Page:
Vauxhall’s trim level hierarchy has been simplified a little for the Mokka, but it’s still complex compared with rivals. For conventionally powered examples the range starts with SE (in 99bhp petrol or with the diesel); this gets cruise control, 16-inch alloy wheels, a six-speaker audio system with a seven-inch touchscreen display and Android/Apple connectivity, a seven-inch digital instrument cluster, and LED headlights and tail-lights.

      Step up to SRi and your engine options are widened by a 128bhp version of the 1.2-litre three-cylinder turbocharged petrol engine, equipped with either a six-speed manual gearbox or an eight-speed auto. This model gets 18-inch alloys, a contrast black roof, automatic wipers, heated front seats, rear parking sensors and rear-view camera, an auto-dimming rear-view mirror and LED front fog lights.

      The same engine line-up can also be ordered with SRi Nav Premium, which includes many of the same key features as SRi but adds keyless entry and start, and front parking sensors, as well as increasing the screen sizes to 10-inches (for the infotainment) and 12-inches (for the instrument cluster), and bringing navigation.

      Elite Nav and Elite Nav Premium get the same four-strong line-up of engines; these two variants are focused more on luxury than the SRi’s sportiness, so they get 17-inch bi-colour wheels and an extra pair of USB sockets for rear-seat passengers.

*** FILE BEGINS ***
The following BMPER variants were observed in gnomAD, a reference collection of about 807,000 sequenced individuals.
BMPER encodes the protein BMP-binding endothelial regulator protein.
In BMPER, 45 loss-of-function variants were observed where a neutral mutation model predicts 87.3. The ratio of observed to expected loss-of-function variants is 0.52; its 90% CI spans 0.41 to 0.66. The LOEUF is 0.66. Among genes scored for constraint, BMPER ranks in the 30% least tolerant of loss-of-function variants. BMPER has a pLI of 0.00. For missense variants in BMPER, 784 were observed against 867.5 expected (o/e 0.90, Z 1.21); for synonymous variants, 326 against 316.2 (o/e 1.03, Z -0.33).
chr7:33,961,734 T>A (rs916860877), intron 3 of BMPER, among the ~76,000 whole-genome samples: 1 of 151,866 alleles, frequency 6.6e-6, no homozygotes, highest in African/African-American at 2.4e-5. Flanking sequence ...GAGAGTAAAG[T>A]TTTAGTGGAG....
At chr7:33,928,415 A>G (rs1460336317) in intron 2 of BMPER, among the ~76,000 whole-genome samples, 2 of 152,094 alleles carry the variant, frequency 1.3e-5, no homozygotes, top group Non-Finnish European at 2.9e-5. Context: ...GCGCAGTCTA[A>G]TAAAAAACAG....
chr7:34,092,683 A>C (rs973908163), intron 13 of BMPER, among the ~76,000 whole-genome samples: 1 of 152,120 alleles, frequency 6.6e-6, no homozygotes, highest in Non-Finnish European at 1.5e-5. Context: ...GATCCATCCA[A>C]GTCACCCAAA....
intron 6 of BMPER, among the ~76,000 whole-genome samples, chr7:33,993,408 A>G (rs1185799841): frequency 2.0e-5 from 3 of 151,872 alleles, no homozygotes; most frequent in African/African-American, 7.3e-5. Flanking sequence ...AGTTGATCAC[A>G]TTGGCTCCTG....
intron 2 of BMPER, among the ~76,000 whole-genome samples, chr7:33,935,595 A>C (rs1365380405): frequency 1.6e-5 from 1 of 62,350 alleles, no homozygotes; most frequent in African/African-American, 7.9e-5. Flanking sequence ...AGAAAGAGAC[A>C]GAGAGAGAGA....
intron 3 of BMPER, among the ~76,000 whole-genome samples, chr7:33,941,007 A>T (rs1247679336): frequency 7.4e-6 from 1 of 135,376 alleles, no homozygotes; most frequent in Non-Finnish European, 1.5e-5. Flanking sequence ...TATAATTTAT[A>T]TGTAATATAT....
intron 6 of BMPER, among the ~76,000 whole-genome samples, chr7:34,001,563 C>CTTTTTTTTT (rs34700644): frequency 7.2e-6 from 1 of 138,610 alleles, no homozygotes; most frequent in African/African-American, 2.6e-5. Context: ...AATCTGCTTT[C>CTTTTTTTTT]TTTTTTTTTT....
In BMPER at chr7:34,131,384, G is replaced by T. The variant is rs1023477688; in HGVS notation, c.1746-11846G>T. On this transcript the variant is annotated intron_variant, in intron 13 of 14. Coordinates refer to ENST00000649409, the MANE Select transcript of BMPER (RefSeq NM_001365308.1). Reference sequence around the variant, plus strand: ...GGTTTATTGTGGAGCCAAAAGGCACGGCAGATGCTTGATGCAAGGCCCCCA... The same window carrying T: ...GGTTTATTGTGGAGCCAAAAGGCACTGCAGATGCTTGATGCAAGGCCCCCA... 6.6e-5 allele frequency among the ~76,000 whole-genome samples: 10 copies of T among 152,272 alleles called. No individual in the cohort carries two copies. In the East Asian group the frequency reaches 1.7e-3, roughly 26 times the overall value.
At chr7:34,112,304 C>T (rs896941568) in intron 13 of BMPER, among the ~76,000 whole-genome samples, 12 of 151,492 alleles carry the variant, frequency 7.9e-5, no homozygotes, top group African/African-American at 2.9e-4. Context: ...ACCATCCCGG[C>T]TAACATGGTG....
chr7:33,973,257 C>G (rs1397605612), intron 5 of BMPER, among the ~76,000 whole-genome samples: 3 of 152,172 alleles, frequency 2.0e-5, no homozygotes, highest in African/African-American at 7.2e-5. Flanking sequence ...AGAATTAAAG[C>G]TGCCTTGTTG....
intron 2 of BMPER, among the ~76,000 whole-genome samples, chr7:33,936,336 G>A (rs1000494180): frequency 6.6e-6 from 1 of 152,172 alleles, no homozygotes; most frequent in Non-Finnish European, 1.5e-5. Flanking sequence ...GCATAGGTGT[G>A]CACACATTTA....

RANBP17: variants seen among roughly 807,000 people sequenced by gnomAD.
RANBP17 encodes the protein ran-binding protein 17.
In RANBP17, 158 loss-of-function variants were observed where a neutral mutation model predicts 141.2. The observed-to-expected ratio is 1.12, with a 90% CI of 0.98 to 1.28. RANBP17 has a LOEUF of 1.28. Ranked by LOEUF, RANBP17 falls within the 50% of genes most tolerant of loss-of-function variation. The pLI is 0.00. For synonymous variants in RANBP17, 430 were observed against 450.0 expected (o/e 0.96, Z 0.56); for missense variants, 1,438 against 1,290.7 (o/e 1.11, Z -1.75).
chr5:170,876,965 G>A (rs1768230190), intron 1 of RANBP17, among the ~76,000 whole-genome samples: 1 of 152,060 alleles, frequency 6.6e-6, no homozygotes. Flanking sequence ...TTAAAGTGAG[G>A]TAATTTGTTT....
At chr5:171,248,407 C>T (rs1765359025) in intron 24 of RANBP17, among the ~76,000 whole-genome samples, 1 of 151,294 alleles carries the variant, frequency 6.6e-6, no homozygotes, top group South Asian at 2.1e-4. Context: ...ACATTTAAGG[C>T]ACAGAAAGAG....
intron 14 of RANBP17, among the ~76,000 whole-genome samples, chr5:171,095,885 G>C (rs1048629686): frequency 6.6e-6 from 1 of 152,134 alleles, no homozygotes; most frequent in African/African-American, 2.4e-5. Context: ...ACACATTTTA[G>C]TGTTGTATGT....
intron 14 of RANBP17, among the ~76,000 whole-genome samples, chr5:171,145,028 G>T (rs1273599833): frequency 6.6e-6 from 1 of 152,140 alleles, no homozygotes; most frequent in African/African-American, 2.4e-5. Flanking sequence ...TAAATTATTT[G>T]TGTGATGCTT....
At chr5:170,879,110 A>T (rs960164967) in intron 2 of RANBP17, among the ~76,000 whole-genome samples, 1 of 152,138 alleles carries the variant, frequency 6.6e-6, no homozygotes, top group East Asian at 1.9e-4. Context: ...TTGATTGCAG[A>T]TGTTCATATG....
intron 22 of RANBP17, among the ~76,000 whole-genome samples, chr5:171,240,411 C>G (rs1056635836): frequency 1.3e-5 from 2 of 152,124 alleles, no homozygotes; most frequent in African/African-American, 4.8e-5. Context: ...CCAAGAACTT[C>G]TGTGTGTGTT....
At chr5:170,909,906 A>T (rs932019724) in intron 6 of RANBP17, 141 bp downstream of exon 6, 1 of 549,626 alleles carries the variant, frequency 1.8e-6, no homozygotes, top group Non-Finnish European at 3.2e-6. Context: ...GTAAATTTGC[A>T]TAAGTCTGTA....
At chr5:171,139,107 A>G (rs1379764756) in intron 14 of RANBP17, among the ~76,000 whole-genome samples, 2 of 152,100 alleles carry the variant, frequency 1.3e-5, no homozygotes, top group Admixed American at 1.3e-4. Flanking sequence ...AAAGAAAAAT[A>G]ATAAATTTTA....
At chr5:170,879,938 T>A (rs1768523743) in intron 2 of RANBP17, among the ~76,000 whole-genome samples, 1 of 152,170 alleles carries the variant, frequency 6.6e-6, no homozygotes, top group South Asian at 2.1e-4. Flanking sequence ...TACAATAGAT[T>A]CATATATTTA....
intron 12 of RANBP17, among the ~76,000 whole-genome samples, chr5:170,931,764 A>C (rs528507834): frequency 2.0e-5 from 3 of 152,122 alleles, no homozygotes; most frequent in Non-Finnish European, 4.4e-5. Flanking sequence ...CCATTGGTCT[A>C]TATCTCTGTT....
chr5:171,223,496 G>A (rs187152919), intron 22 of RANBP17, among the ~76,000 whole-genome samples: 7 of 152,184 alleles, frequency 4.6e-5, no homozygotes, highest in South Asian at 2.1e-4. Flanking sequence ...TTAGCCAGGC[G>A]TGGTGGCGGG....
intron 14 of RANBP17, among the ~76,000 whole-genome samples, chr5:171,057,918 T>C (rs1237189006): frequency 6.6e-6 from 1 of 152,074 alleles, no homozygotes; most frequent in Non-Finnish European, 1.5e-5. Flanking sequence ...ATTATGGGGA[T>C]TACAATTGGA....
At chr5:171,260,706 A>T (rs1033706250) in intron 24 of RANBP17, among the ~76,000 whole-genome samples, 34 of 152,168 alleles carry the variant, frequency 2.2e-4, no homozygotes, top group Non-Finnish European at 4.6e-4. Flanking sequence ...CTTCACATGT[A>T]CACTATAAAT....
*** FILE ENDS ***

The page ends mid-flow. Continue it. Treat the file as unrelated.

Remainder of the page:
The regular range-topper will be Ultimate Nav, available with just the higher-powered petrol in automatic form, and the diesel (which is only available as a six-speed manual). It’s based on Elite Nav and gets 18-inch alloys, the larger instrument panel and infotainment displays, tinted rear windows, a wireless smartphone charger, front and rear parking sensors, matrix LED headlights, Alcantara seat trim and a black headliner. 

      Vauxhall is bringing the car to market with a high-spec, limited run Launch Edition too which takes Ultimate Nav and adds leather seat trim, a massage function on the driver’s seat and advanced parking assist.

      Here we’re driving a European spec version of the new Mokka, with the high-powered 128bhp petrol engine and automatic gearbox. It’s the equivalent of SRi Nav Premium trim – pretty close to what Vauxhall insiders expect to be the best-selling version in the range. It’s far from the range-topper but still comes with a list price of more than £27,000 – punchy, when Renault will sell you a similarly powered Captur S automatic for £25k. 

      This is the most potent version of the Mokka, but it never quite manages to feel fast. The EAT8 gearbox is as smooth as ever – and better at low speeds than any of the VW Group’s dual-clutch units. But you’ll need to push the engine’s revs to the point where it gives you that unmistakable three-cylinder growl if you want more rapid progress – almost as if the Mokka feels heavier than its sporty shape suggests. That’s a shame, because at lower speeds and at a cruise, the otherwise well-proven motor fades away into the background, and is drowned out by road roar from the chunky alloys.